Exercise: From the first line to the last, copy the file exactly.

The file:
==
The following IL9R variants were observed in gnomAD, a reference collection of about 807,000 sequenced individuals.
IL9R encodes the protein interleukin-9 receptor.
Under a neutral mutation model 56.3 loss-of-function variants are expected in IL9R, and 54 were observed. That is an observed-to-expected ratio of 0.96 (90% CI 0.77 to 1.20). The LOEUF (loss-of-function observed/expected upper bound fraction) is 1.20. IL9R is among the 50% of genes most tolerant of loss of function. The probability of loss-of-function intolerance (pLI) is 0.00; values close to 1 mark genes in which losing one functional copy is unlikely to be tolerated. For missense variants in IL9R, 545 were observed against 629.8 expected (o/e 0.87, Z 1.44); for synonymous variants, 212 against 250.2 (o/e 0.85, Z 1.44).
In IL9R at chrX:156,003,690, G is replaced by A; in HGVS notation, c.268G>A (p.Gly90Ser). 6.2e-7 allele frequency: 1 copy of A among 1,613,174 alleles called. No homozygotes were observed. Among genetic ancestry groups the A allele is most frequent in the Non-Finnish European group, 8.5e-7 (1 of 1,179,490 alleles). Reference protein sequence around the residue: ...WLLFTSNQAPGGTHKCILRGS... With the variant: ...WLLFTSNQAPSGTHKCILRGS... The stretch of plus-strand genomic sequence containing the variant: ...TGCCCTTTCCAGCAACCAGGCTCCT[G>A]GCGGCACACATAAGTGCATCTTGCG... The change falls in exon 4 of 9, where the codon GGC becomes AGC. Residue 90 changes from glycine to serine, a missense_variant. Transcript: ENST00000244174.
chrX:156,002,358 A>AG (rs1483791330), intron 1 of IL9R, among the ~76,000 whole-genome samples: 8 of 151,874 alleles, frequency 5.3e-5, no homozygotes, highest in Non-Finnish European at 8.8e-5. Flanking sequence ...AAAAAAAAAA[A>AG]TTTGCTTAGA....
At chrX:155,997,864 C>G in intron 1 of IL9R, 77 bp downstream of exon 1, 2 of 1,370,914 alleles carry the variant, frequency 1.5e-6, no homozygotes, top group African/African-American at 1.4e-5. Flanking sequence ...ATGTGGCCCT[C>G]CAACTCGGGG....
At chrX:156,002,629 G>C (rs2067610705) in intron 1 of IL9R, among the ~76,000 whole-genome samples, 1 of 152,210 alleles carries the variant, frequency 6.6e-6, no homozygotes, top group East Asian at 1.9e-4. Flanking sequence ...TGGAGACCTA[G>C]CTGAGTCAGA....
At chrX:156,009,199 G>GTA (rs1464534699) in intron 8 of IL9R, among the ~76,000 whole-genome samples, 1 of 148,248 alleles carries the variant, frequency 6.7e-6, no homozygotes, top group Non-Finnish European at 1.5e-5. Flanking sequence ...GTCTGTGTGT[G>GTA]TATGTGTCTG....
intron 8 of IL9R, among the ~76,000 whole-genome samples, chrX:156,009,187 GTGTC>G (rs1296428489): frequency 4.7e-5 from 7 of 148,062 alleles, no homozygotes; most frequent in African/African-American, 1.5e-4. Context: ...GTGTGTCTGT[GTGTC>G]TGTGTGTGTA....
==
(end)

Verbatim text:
The following IL9R variants were observed in gnomAD, a reference collection of about 807,000 sequenced individuals.
IL9R encodes the protein interleukin-9 receptor.
Under a neutral mutation model 56.3 loss-of-function variants are expected in IL9R, and 54 were observed. That is an observed-to-expected ratio of 0.96 (90% CI 0.77 to 1.20). The LOEUF (loss-of-function observed/expected upper bound fraction) is 1.20. IL9R is among the 50% of genes most tolerant of loss of function. The probability of loss-of-function intolerance (pLI) is 0.00; values close to 1 mark genes in which losing one functional copy is unlikely to be tolerated. For missense variants in IL9R, 545 were observed against 629.8 expected (o/e 0.87, Z 1.44); for synonymous variants, 212 against 250.2 (o/e 0.85, Z 1.44).
In IL9R at chrX:156,003,690, G is replaced by A; in HGVS notation, c.268G>A (p.Gly90Ser). 6.2e-7 allele frequency: 1 copy of A among 1,613,174 alleles called. No homozygotes were observed. Among genetic ancestry groups the A allele is most frequent in the Non-Finnish European group, 8.5e-7 (1 of 1,179,490 alleles). Reference protein sequence around the residue: ...WLLFTSNQAPGGTHKCILRGS... With the variant: ...WLLFTSNQAPSGTHKCILRGS... The stretch of plus-strand genomic sequence containing the variant: ...TGCCCTTTCCAGCAACCAGGCTCCT[G>A]GCGGCACACATAAGTGCATCTTGCG... The change falls in exon 4 of 9, where the codon GGC becomes AGC. Residue 90 changes from glycine to serine, a missense_variant. Transcript: ENST00000244174.
chrX:156,002,358 A>AG (rs1483791330), intron 1 of IL9R, among the ~76,000 whole-genome samples: 8 of 151,874 alleles, frequency 5.3e-5, no homozygotes, highest in Non-Finnish European at 8.8e-5. Flanking sequence ...AAAAAAAAAA[A>AG]TTTGCTTAGA....
At chrX:155,997,864 C>G in intron 1 of IL9R, 77 bp downstream of exon 1, 2 of 1,370,914 alleles carry the variant, frequency 1.5e-6, no homozygotes, top group African/African-American at 1.4e-5. Flanking sequence ...ATGTGGCCCT[C>G]CAACTCGGGG....
At chrX:156,002,629 G>C (rs2067610705) in intron 1 of IL9R, among the ~76,000 whole-genome samples, 1 of 152,210 alleles carries the variant, frequency 6.6e-6, no homozygotes, top group East Asian at 1.9e-4. Flanking sequence ...TGGAGACCTA[G>C]CTGAGTCAGA....
At chrX:156,009,199 G>GTA (rs1464534699) in intron 8 of IL9R, among the ~76,000 whole-genome samples, 1 of 148,248 alleles carries the variant, frequency 6.7e-6, no homozygotes, top group Non-Finnish European at 1.5e-5. Flanking sequence ...GTCTGTGTGT[G>GTA]TATGTGTCTG....
intron 8 of IL9R, among the ~76,000 whole-genome samples, chrX:156,009,187 GTGTC>G (rs1296428489): frequency 4.7e-5 from 7 of 148,062 alleles, no homozygotes; most frequent in African/African-American, 1.5e-4. Context: ...GTGTGTCTGT[GTGTC>G]TGTGTGTGTA....